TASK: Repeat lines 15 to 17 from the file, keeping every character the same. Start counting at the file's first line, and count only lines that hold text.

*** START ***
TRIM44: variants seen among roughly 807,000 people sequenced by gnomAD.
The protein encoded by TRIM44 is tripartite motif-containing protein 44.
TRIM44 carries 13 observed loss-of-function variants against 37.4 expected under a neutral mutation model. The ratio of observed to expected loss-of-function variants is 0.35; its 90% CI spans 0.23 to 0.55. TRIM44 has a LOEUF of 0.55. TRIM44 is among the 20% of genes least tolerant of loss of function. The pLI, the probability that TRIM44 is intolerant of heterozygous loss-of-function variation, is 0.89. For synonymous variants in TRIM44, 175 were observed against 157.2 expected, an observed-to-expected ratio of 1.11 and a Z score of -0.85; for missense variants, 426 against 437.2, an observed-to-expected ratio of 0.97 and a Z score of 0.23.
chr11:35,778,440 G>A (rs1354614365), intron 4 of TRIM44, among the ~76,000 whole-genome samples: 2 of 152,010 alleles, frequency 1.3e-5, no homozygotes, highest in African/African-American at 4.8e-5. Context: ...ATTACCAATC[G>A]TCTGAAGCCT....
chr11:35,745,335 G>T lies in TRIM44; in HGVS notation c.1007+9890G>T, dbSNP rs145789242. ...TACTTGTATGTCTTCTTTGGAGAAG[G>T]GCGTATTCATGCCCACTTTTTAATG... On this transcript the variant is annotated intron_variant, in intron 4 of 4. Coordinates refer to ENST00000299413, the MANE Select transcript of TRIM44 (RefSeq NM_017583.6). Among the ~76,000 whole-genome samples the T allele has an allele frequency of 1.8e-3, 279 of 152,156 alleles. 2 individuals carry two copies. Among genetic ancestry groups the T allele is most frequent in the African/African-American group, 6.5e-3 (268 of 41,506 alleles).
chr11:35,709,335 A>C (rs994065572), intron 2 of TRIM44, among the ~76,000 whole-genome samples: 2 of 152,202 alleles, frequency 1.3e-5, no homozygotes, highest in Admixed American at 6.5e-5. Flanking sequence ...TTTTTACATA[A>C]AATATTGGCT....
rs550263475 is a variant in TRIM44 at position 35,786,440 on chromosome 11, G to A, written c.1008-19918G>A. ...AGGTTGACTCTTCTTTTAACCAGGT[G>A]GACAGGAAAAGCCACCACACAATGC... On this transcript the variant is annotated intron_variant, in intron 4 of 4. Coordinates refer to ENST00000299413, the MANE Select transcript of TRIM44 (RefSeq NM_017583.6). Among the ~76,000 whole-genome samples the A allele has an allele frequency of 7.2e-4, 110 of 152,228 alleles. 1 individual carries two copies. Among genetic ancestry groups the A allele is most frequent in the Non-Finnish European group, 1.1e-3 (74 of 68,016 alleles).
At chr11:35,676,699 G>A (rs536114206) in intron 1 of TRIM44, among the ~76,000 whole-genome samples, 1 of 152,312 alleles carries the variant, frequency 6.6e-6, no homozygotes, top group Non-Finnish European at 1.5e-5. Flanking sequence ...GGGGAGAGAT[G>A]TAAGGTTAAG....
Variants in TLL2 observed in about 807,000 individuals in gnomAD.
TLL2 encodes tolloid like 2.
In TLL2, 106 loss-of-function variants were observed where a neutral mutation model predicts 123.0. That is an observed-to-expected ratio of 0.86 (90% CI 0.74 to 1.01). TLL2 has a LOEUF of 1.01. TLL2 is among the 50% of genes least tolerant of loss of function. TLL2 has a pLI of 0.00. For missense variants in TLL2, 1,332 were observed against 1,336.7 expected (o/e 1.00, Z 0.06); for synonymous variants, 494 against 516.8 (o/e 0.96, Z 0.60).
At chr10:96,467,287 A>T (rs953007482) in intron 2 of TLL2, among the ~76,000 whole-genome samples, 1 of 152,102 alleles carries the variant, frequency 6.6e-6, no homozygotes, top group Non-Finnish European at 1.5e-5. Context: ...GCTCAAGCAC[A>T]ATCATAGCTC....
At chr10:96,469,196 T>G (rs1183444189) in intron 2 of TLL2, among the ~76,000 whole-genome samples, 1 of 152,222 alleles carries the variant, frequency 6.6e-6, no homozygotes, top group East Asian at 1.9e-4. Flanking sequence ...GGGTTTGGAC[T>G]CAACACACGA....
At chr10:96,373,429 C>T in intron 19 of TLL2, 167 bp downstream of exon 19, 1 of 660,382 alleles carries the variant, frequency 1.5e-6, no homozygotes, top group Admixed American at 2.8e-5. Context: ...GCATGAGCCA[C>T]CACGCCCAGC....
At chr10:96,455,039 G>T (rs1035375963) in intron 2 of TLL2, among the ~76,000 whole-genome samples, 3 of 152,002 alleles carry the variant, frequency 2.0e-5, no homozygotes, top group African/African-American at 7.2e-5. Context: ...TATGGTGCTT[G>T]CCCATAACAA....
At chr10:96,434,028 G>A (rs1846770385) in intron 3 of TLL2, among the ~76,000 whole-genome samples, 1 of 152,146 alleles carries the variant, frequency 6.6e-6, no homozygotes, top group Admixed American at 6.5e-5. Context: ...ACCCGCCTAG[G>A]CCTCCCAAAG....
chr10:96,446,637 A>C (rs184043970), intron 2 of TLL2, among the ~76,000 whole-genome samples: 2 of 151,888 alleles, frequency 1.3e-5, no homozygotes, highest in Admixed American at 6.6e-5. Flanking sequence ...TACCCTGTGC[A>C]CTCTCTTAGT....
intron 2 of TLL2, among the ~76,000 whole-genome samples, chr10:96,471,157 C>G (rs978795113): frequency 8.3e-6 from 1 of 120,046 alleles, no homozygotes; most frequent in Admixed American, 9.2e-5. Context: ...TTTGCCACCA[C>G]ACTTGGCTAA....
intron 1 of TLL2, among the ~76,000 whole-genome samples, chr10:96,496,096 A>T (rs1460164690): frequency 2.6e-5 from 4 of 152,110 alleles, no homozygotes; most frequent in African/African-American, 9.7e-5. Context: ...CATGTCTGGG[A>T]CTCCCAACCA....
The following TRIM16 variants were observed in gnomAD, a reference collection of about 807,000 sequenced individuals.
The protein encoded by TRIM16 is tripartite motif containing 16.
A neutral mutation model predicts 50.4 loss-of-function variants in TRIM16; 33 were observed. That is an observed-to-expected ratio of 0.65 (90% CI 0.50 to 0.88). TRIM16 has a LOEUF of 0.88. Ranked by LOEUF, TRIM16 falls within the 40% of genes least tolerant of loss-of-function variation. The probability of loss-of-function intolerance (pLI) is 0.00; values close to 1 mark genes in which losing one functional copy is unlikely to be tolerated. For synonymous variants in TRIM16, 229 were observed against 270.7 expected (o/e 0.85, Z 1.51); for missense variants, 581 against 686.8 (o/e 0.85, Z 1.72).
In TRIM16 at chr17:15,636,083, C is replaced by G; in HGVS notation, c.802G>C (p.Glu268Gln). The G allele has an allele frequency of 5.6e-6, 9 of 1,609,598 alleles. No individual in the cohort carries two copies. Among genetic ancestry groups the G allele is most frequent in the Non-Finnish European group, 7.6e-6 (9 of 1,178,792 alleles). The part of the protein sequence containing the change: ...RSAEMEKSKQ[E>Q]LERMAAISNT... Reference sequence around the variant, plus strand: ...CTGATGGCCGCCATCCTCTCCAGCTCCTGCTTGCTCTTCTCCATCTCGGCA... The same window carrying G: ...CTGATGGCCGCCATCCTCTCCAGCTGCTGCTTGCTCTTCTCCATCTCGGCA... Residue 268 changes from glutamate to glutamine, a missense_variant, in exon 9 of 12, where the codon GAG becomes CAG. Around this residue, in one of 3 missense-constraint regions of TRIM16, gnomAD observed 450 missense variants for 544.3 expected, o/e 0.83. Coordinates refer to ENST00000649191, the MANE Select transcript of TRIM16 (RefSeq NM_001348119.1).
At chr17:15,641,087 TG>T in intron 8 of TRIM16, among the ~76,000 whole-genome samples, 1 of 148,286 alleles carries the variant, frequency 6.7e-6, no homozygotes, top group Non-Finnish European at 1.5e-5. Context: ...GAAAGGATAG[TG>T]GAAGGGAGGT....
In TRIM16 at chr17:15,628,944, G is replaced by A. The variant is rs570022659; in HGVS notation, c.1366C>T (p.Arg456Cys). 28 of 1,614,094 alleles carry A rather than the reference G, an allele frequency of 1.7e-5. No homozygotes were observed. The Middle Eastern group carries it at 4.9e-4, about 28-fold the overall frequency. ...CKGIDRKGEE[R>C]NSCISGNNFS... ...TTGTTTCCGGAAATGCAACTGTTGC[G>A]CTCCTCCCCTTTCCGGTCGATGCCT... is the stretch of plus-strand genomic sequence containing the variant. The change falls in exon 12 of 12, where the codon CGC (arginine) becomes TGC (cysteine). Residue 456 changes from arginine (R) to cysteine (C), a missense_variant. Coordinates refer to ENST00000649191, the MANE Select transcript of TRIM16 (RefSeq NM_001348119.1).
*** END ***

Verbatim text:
At chr10:96,455,039 G>T (rs1035375963) in intron 2 of TLL2, among the ~76,000 whole-genome samples, 3 of 152,002 alleles carry the variant, frequency 2.0e-5, no homozygotes, top group African/African-American at 7.2e-5. Context: ...TATGGTGCTT[G>T]CCCATAACAA....
At chr10:96,434,028 G>A (rs1846770385) in intron 3 of TLL2, among the ~76,000 whole-genome samples, 1 of 152,146 alleles carries the variant, frequency 6.6e-6, no homozygotes, top group Admixed American at 6.5e-5. Context: ...ACCCGCCTAG[G>A]CCTCCCAAAG....
chr10:96,446,637 A>C (rs184043970), intron 2 of TLL2, among the ~76,000 whole-genome samples: 2 of 151,888 alleles, frequency 1.3e-5, no homozygotes, highest in Admixed American at 6.6e-5. Flanking sequence ...TACCCTGTGC[A>C]CTCTCTTAGT....